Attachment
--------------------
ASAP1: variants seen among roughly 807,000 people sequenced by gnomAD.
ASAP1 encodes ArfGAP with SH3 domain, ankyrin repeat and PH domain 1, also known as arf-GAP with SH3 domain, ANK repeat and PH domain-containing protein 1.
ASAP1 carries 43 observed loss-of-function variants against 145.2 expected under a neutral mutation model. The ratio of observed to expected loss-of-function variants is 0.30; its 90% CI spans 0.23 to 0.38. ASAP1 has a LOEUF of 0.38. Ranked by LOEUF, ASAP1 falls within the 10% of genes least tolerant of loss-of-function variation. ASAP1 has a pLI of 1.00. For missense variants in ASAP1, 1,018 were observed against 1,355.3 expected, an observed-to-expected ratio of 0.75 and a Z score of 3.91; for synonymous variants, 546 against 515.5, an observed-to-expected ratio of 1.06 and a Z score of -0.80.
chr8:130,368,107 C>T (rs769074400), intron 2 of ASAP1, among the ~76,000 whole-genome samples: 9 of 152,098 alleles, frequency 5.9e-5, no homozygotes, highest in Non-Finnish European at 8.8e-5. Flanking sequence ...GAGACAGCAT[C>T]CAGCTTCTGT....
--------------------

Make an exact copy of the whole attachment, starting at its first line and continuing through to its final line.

ASAP1: variants seen among roughly 807,000 people sequenced by gnomAD.
ASAP1 encodes ArfGAP with SH3 domain, ankyrin repeat and PH domain 1, also known as arf-GAP with SH3 domain, ANK repeat and PH domain-containing protein 1.
ASAP1 carries 43 observed loss-of-function variants against 145.2 expected under a neutral mutation model. The ratio of observed to expected loss-of-function variants is 0.30; its 90% CI spans 0.23 to 0.38. ASAP1 has a LOEUF of 0.38. Ranked by LOEUF, ASAP1 falls within the 10% of genes least tolerant of loss-of-function variation. ASAP1 has a pLI of 1.00. For missense variants in ASAP1, 1,018 were observed against 1,355.3 expected, an observed-to-expected ratio of 0.75 and a Z score of 3.91; for synonymous variants, 546 against 515.5, an observed-to-expected ratio of 1.06 and a Z score of -0.80.
chr8:130,368,107 C>T (rs769074400), intron 2 of ASAP1, among the ~76,000 whole-genome samples: 9 of 152,098 alleles, frequency 5.9e-5, no homozygotes, highest in Non-Finnish European at 8.8e-5. Flanking sequence ...GAGACAGCAT[C>T]CAGCTTCTGT....